Use of a high throughput screening approach coupled with in vivo zebrafish embryo screening to develop hazard ranking of engineered nanomaterials

p13Because of concerns about the safety of a growing number of engineered nanomaterials (ENM), it is necessary to develop high-throughput screening and in silico data transformation tools that can speed up in vitro hazard ranking. Here, we report the use of a multiparametric, automated screening assay that incorporates sublethal and lethal cellular injury responses to perform high-throughput analysis of a batch of commercial metal/metal oxide nanoparticles (NP) with the inclusion of a quantum dot (QD1). The responses chosen for tracking cellular injury through automated epifluorescence microscopy included ROS production, intracellular calcium flux, mitochondrial depolarization, and plasma membrane permeability. The z-score transformed high volume data set was used to construct heat maps for in vitro hazard ranking as well as showing the similarity patterns of NPs and response parameters through the use of self- organizing maps (SOM). Among the materials analyzed, QD1 and nano-ZnO showed the most prominent lethality, while Pt, Ag, SiO2, Al2O3, and Au triggered sublethal effects but without cytotoxicity. In order to compare the in vitro with the in vivo response outcomes in zebrafish embryos, NPs were used to assess their impact on mortality rate, hatching rate, cardiac rate, and morphological defects. While QDs, ZnO, and Ag induced morphological abnormalities or interfered in embryo hatching, Pt and Ag exerted inhibitory effects on cardiac rate. Ag toxicity in zebrafish differed from the in vitro results, which is congruent with this material’s designation as extremely dangerous in the environment. Interestingly, while toxicity in the initially selected QD formulation was due to a solvent (toluene), supplementary testing of additional QDs selections yielded in vitro hazard profiling that reflect the release of chalcogenides. In conclusion, the use of a high-throughput screening, in silico data handling and zebrafish testing may constitute a paradigm for rapid and integrated ENM toxicological screening.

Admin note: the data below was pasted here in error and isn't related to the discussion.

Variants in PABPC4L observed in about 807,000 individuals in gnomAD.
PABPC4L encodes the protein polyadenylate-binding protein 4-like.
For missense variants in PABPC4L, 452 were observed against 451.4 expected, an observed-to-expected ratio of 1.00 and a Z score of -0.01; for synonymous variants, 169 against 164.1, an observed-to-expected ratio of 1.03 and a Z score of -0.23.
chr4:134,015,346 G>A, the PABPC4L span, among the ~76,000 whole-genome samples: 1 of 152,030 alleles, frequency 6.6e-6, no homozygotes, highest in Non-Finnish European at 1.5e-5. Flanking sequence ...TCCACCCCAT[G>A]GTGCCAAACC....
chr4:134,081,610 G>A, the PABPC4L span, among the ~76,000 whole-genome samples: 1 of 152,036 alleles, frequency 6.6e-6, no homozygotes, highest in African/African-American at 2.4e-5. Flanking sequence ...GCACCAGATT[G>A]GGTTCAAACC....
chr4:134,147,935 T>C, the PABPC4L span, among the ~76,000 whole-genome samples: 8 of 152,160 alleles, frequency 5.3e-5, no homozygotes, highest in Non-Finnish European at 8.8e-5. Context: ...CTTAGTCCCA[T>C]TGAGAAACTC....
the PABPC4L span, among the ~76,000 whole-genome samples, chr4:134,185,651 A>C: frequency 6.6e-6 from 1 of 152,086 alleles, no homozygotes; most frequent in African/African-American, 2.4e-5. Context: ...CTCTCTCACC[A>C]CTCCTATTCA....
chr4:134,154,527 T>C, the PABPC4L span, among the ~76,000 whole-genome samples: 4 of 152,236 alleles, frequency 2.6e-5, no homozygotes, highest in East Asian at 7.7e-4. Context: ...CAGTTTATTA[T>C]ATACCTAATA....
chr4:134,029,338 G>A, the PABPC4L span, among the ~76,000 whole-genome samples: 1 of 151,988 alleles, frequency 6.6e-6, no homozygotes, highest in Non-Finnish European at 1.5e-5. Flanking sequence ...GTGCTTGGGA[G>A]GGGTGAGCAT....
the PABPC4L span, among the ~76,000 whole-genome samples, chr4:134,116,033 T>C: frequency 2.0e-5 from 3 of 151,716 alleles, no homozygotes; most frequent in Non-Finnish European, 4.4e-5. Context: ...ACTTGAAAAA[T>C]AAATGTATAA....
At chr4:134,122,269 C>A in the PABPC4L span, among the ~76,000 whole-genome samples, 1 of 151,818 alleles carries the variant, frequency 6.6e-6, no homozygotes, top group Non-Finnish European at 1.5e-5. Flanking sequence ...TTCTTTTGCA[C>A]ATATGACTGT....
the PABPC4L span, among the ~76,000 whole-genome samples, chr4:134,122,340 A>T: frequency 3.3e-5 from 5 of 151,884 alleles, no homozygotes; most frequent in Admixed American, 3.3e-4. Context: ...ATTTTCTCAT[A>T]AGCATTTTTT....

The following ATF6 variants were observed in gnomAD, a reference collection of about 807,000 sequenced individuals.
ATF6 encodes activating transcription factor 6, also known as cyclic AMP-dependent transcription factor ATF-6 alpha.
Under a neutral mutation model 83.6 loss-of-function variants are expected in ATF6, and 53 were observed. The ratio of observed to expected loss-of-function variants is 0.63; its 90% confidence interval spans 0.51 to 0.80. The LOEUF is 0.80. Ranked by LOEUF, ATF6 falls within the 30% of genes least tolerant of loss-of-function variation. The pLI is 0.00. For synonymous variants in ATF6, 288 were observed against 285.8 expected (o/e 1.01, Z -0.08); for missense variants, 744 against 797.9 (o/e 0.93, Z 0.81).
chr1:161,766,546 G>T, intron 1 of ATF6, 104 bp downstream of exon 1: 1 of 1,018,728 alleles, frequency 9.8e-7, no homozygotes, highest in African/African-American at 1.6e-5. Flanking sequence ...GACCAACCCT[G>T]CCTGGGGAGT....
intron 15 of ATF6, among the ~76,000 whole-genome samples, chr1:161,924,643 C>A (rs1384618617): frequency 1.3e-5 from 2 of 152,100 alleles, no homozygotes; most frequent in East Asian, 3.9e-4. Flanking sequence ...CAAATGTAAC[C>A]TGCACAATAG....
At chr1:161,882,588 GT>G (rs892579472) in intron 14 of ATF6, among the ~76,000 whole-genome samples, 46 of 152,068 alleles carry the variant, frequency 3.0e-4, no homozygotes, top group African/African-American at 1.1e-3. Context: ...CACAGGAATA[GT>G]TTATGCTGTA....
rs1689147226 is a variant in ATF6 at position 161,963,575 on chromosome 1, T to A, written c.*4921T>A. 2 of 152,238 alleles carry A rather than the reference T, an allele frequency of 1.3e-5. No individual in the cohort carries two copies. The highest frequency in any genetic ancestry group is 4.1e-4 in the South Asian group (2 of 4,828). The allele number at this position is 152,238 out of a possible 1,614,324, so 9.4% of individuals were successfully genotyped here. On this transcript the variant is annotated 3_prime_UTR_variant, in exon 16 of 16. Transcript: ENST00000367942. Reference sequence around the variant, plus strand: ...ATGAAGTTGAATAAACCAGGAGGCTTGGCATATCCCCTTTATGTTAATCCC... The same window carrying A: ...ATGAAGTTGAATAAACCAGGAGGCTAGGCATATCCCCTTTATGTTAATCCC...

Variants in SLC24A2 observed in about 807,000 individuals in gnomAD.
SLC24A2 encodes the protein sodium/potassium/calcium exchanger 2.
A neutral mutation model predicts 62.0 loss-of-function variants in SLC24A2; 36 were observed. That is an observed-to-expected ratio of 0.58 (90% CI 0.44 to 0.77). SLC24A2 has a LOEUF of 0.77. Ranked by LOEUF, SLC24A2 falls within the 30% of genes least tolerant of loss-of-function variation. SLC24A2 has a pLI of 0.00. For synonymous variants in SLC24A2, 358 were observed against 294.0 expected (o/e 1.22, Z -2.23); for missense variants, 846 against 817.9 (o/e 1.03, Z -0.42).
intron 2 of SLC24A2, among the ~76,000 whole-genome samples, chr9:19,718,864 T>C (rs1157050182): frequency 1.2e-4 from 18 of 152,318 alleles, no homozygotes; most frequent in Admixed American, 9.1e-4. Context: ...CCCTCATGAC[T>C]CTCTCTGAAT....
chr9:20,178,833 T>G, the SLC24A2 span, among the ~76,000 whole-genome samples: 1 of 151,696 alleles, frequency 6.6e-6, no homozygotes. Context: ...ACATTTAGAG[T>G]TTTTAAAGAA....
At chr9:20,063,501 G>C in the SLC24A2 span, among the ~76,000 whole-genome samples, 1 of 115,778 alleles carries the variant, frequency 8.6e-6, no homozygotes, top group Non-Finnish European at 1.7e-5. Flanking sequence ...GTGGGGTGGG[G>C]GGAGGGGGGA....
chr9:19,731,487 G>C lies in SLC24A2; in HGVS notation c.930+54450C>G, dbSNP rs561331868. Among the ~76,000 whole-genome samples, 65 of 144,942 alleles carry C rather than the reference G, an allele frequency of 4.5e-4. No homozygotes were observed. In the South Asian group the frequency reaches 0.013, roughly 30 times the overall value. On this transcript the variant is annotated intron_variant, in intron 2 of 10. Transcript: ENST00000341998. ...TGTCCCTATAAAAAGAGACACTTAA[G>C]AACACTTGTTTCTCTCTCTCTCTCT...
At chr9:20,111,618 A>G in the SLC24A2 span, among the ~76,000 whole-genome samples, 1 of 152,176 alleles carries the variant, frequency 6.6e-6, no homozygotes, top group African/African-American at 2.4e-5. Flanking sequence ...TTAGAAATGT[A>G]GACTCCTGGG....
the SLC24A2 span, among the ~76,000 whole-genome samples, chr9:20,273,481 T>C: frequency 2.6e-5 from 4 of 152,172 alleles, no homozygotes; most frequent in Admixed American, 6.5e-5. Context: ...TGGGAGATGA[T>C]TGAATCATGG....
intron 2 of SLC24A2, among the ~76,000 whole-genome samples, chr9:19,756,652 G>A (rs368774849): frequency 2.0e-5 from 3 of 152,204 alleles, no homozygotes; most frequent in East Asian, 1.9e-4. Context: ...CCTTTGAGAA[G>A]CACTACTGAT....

George S, Xia T, Rallo R, et al. (2011) Use of a high throughput screening approach coupled with in vivo zebrafish embryo screening to develop hazard ranking of engineered nanomaterial. ACS Nano, 5(3):1805-1817

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About robertrallo

Associate Professor, Dept. d'Eng. Informàtica i Matemàtiques at URV; Director of BioCENIT, Bioinformatics & Computational Environmental Engineering Research Team at URV; Member of ATIC, Advanced Technology & Innovation Center at URV; Visiting Scholar at UCLA; Member of the WaTeR center, UCLA; Member of the Center for Environmental Implications of Nanotechnology (CEIN), UCLA; Member of the Center for Nanobiology and Predictive Toxicology (CNPT), UCLA.

Posted on January 26, 2011, in hazard ranking, high-throughput screening, nanotoxicology, self-organizing map, zebrafish and tagged , , , , . Bookmark the permalink. Leave a comment.

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